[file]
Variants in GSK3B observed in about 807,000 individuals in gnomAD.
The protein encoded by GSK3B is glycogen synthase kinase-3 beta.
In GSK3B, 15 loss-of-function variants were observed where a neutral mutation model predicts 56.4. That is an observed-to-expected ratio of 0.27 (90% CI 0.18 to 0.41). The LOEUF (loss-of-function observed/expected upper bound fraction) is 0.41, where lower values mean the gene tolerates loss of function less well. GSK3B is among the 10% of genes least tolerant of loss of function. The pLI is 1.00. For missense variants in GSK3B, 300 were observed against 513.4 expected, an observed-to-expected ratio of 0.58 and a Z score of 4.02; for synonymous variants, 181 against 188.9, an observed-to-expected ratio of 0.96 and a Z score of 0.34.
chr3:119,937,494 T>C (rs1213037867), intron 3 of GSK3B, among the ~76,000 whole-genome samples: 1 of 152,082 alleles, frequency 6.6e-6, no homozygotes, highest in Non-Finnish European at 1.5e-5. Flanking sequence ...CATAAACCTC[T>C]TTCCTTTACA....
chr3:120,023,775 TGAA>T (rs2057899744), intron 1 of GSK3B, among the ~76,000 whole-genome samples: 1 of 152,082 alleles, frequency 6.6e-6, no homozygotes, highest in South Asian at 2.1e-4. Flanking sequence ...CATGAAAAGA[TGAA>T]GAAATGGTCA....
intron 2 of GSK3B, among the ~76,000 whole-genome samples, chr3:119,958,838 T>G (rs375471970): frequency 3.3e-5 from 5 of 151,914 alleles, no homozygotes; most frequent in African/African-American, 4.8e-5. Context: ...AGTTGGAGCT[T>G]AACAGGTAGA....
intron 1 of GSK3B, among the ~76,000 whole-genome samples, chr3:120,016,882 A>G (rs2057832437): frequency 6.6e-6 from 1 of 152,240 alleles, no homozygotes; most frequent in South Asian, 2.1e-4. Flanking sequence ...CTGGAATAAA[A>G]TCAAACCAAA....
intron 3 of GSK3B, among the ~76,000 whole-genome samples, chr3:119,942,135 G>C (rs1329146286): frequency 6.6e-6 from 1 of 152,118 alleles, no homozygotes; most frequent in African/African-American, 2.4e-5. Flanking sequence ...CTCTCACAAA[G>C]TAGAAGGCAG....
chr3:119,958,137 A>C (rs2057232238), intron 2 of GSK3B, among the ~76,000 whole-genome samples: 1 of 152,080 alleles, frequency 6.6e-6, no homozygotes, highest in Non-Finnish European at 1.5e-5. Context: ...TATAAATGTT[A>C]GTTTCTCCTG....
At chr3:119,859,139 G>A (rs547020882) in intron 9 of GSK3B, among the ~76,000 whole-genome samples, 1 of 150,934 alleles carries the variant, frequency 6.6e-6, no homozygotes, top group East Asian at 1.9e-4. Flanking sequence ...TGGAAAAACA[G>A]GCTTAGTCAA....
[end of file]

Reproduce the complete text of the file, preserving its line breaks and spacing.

Variants in GSK3B observed in about 807,000 individuals in gnomAD.
The protein encoded by GSK3B is glycogen synthase kinase-3 beta.
In GSK3B, 15 loss-of-function variants were observed where a neutral mutation model predicts 56.4. That is an observed-to-expected ratio of 0.27 (90% CI 0.18 to 0.41). The LOEUF (loss-of-function observed/expected upper bound fraction) is 0.41, where lower values mean the gene tolerates loss of function less well. GSK3B is among the 10% of genes least tolerant of loss of function. The pLI is 1.00. For missense variants in GSK3B, 300 were observed against 513.4 expected, an observed-to-expected ratio of 0.58 and a Z score of 4.02; for synonymous variants, 181 against 188.9, an observed-to-expected ratio of 0.96 and a Z score of 0.34.
chr3:119,937,494 T>C (rs1213037867), intron 3 of GSK3B, among the ~76,000 whole-genome samples: 1 of 152,082 alleles, frequency 6.6e-6, no homozygotes, highest in Non-Finnish European at 1.5e-5. Flanking sequence ...CATAAACCTC[T>C]TTCCTTTACA....
chr3:120,023,775 TGAA>T (rs2057899744), intron 1 of GSK3B, among the ~76,000 whole-genome samples: 1 of 152,082 alleles, frequency 6.6e-6, no homozygotes, highest in South Asian at 2.1e-4. Flanking sequence ...CATGAAAAGA[TGAA>T]GAAATGGTCA....
intron 2 of GSK3B, among the ~76,000 whole-genome samples, chr3:119,958,838 T>G (rs375471970): frequency 3.3e-5 from 5 of 151,914 alleles, no homozygotes; most frequent in African/African-American, 4.8e-5. Context: ...AGTTGGAGCT[T>G]AACAGGTAGA....
intron 1 of GSK3B, among the ~76,000 whole-genome samples, chr3:120,016,882 A>G (rs2057832437): frequency 6.6e-6 from 1 of 152,240 alleles, no homozygotes; most frequent in South Asian, 2.1e-4. Flanking sequence ...CTGGAATAAA[A>G]TCAAACCAAA....
intron 3 of GSK3B, among the ~76,000 whole-genome samples, chr3:119,942,135 G>C (rs1329146286): frequency 6.6e-6 from 1 of 152,118 alleles, no homozygotes; most frequent in African/African-American, 2.4e-5. Flanking sequence ...CTCTCACAAA[G>C]TAGAAGGCAG....
chr3:119,958,137 A>C (rs2057232238), intron 2 of GSK3B, among the ~76,000 whole-genome samples: 1 of 152,080 alleles, frequency 6.6e-6, no homozygotes, highest in Non-Finnish European at 1.5e-5. Context: ...TATAAATGTT[A>C]GTTTCTCCTG....
At chr3:119,859,139 G>A (rs547020882) in intron 9 of GSK3B, among the ~76,000 whole-genome samples, 1 of 150,934 alleles carries the variant, frequency 6.6e-6, no homozygotes, top group East Asian at 1.9e-4. Flanking sequence ...TGGAAAAACA[G>A]GCTTAGTCAA....